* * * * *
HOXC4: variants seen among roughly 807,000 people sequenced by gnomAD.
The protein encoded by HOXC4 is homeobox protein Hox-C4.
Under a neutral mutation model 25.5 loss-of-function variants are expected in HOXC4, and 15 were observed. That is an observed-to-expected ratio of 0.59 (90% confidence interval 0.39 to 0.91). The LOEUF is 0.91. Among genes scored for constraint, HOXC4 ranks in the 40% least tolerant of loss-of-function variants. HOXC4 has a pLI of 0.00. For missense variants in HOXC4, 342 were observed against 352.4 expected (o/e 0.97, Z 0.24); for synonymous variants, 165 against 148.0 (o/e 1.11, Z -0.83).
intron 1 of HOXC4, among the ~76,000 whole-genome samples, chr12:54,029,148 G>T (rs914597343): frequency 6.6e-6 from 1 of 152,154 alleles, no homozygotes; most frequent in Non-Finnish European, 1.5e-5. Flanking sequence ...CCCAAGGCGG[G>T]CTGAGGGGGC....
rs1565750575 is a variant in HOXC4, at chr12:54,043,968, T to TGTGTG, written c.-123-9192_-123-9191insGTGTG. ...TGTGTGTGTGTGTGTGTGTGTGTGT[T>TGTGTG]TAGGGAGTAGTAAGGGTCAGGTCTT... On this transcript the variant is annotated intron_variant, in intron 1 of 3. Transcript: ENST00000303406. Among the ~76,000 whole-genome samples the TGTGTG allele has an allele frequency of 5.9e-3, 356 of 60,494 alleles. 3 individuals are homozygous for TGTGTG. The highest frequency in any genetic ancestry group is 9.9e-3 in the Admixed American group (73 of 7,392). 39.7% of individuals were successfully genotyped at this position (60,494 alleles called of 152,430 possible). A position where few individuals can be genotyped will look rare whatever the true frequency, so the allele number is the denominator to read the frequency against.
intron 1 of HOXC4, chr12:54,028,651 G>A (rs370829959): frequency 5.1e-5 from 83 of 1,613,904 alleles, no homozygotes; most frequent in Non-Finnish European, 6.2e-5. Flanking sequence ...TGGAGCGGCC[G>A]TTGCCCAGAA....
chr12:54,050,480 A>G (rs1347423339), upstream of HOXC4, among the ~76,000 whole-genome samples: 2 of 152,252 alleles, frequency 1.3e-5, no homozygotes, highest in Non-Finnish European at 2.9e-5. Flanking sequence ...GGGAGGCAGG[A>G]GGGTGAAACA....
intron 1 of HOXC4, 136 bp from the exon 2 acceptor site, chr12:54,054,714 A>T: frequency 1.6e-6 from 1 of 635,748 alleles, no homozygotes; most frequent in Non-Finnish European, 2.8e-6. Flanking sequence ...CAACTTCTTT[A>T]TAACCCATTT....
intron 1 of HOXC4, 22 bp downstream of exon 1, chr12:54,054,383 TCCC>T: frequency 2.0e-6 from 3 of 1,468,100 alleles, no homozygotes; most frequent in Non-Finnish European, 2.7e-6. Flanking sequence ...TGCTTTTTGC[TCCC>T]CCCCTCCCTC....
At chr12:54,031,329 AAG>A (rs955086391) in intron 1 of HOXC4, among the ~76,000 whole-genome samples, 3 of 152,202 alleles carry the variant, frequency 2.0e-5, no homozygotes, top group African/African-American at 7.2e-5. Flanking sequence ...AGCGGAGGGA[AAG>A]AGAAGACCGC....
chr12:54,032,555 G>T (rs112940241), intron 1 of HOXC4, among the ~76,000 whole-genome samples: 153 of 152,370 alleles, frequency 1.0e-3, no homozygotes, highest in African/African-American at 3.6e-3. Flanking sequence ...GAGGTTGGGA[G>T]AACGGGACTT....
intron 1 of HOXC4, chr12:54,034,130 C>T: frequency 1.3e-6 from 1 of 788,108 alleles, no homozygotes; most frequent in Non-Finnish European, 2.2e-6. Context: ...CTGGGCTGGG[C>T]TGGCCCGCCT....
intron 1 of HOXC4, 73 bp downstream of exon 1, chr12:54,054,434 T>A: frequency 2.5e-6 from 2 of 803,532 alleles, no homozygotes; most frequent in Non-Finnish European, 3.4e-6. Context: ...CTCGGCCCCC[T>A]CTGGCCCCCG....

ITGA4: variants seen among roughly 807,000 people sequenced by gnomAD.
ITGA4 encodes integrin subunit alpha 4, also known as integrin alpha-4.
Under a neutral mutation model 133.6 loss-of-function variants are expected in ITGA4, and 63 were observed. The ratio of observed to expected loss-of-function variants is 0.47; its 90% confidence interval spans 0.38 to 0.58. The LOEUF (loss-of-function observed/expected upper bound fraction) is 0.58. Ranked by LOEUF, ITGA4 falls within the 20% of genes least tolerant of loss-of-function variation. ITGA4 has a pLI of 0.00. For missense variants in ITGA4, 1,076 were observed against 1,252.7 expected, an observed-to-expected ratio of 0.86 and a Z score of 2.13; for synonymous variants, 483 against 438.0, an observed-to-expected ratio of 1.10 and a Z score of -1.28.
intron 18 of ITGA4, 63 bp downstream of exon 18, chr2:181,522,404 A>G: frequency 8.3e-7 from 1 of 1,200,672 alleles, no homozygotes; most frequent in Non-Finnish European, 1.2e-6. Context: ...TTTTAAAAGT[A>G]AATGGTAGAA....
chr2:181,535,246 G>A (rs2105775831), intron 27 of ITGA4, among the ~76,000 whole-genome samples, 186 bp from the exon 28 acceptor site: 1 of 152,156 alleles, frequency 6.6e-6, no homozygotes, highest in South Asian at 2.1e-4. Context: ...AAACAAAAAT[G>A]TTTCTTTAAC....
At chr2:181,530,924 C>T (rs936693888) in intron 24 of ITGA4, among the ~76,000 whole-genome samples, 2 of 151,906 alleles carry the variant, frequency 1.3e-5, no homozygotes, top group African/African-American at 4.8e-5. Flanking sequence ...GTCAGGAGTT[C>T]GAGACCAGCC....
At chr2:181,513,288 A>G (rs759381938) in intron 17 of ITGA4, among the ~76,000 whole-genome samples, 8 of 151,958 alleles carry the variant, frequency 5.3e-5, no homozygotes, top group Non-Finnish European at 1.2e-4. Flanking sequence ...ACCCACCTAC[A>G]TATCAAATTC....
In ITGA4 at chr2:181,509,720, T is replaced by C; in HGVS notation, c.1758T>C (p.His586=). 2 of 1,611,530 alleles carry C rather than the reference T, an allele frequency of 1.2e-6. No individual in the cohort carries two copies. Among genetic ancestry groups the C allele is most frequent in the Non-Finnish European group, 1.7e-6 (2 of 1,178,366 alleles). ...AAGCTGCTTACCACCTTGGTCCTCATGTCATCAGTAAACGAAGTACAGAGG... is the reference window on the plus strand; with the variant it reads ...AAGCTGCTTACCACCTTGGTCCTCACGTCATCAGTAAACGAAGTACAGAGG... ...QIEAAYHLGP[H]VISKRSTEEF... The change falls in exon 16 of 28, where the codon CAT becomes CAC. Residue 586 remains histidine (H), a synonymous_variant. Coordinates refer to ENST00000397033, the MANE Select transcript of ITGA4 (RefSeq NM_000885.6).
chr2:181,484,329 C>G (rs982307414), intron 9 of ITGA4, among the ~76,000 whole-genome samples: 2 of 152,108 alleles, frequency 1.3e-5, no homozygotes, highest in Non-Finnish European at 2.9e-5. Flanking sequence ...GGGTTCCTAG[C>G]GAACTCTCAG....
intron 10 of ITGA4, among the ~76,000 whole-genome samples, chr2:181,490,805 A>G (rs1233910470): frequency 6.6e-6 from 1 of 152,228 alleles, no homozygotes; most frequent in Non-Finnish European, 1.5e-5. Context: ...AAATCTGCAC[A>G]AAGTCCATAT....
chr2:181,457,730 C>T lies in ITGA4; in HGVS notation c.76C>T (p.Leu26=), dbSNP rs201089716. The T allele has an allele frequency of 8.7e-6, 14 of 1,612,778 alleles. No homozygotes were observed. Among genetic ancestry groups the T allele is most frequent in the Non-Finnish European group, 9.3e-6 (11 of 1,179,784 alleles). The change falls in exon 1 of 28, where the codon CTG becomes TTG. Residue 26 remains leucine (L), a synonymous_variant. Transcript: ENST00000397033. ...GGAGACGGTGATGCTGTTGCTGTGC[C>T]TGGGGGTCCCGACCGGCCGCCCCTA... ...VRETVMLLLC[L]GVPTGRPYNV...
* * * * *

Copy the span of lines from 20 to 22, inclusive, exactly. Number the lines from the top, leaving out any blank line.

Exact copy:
At chr2:181,513,288 A>G (rs759381938) in intron 17 of ITGA4, among the ~76,000 whole-genome samples, 8 of 151,958 alleles carry the variant, frequency 5.3e-5, no homozygotes, top group Non-Finnish European at 1.2e-4. Flanking sequence ...ACCCACCTAC[A>G]TATCAAATTC....
In ITGA4 at chr2:181,509,720, T is replaced by C; in HGVS notation, c.1758T>C (p.His586=). 2 of 1,611,530 alleles carry C rather than the reference T, an allele frequency of 1.2e-6. No individual in the cohort carries two copies. Among genetic ancestry groups the C allele is most frequent in the Non-Finnish European group, 1.7e-6 (2 of 1,178,366 alleles). ...AAGCTGCTTACCACCTTGGTCCTCATGTCATCAGTAAACGAAGTACAGAGG... is the reference window on the plus strand; with the variant it reads ...AAGCTGCTTACCACCTTGGTCCTCACGTCATCAGTAAACGAAGTACAGAGG... ...QIEAAYHLGP[H]VISKRSTEEF... The change falls in exon 16 of 28, where the codon CAT becomes CAC. Residue 586 remains histidine (H), a synonymous_variant. Coordinates refer to ENST00000397033, the MANE Select transcript of ITGA4 (RefSeq NM_000885.6).
chr2:181,484,329 C>G (rs982307414), intron 9 of ITGA4, among the ~76,000 whole-genome samples: 2 of 152,108 alleles, frequency 1.3e-5, no homozygotes, highest in Non-Finnish European at 2.9e-5. Flanking sequence ...GGGTTCCTAG[C>G]GAACTCTCAG....